Orcas are incredibly social animals, a fact I knew but didn’t fully appreciate until this encounter. They live in matrilineal family groups that together make up pods, which can consist of 40 animals or more. The whales we watched were piled upon themselves, their bodies often touching, or nearly so, as they rose to the surface. I won’t pretend to know enough about whale behavior to understand why they were in such frequent physical contact—play, feeding strategy, communication, bonding? Or, dare I say it, a cetacean expression of love?
The boys watched the whales for thirty minutes, then went down below to play a game of “surfing,” by jumping from cushion to mat on our tiny galley floor. In brightly-colored swim hats and shorts, their game was both hilarious and adorable. And it kept them occupied long enough for Pat and I to continue watching the whales as they swam nearby, gracing us with their presence for another hour or more. Pat climbed the mast for an elevated vantage and I stood in the bowsprit, as close to an orca as I likely ever will be. Until this encounter, I hadn’t noticed the gradations of color on orcas’ backs and necks—from jet black to ochre to a nearly translucent gray. Each one looked not like a generic whale but an individual with every bit of the distinctiveness of a human form. As they circled around our boat, I was anointed by whale breath.
We spent the last four weeks on Chaika, once again reminding ourselves of the pleasures of boat life—time to observe, the company of wildlife, the intimacy of small spaces. Of course there are also the challenges—managing frustrations when there’s nowhere else to go; soggy, smelly gear that dangles from every available hook; inefficiencies of work in a tiny, chaotic “office.” We traveled through Glacier Bay, meeting with another boat family (Lindsay and Graham on Sika) with their smiley 5-month-old daughter (“baby Mira”) and getting in a few days of boat-based skiing. We felt the fury of the Gulf of Alaska as we ventured outside Yakobi Island. We visited hot springs in one of the most magical places on earth. We saw dozens of humpback whales, hundreds of sea lions, and thousands of migratory birds on their spring migration. We were, once again, so very blessed to share in these experiences of the wilder sort.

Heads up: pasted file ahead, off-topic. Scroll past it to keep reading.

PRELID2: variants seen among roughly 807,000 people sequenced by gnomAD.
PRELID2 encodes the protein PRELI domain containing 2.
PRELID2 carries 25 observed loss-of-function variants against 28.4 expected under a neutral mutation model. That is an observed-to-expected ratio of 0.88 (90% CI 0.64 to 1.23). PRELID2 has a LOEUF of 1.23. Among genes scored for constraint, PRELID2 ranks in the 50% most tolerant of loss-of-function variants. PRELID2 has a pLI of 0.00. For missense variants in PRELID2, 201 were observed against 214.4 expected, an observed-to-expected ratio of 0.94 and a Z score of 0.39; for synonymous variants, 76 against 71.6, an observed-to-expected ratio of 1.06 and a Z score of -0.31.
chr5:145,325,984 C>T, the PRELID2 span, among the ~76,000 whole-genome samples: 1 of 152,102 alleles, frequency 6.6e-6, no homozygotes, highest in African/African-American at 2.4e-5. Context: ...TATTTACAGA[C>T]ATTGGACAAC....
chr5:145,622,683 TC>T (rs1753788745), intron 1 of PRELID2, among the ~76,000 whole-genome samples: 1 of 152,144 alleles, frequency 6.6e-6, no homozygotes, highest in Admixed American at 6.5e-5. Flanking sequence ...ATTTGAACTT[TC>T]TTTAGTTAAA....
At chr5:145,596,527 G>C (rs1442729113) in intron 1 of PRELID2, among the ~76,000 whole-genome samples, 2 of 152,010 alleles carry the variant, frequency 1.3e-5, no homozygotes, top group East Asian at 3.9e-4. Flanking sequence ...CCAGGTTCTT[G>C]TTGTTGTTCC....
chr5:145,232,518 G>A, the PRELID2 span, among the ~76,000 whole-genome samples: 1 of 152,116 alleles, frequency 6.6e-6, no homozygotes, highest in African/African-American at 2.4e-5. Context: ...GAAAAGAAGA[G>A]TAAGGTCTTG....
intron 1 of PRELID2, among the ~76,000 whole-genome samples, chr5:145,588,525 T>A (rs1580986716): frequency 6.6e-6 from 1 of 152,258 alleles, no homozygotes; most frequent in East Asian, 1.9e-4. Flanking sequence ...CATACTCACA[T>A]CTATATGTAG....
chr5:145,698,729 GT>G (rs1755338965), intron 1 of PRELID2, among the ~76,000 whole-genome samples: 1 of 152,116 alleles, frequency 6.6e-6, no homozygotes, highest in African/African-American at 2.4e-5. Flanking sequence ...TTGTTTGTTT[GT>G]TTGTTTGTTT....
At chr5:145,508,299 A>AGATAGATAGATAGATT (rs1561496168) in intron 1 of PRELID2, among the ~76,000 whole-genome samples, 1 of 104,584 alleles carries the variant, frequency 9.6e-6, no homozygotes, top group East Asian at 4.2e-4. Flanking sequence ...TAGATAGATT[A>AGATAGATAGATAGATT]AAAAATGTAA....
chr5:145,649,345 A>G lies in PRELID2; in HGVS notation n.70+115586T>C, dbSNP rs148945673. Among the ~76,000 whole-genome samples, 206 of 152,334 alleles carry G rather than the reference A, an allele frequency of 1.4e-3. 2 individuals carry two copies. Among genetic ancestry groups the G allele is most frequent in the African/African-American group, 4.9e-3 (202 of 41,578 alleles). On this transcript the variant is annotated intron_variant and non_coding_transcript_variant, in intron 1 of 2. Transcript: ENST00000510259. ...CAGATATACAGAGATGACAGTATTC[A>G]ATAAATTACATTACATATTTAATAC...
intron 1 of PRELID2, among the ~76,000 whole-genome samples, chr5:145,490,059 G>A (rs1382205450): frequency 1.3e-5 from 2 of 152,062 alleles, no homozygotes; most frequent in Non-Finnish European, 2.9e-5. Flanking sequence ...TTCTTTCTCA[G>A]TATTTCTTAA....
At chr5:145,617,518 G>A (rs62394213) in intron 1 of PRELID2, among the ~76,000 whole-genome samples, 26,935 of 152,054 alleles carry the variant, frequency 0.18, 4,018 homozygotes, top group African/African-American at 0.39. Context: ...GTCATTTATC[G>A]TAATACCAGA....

Our dear friends, Jill Fredston and Doug Fesler, made the passage across the Gulf of Alaska to join us for our last days north up Lynn Canal. The boys were thrilled to once again have company besides their parents, particularly since it came with all-you-can-drink lemonade, tales from the sea, a sweet dog, and a collection of treasures that would inspire wonder in a kid of any age. The usually-fierce winds of Lynn Canal eased enough for us to anchor off the beach in front of our cabin, and we stayed here before returning Chaika to Haines. Until our next journey on the water, this will be her home. We will be at the cabin for several weeks, enjoying land-based adventures, catching up on projects, and stretching our sea legs.
Thanks to everyone for following along. I’ve been a bit behind in my posts, but please stay tuned for more photos, notes, and updates about cabin life and book events. I look forward to seeing many of you later this summer.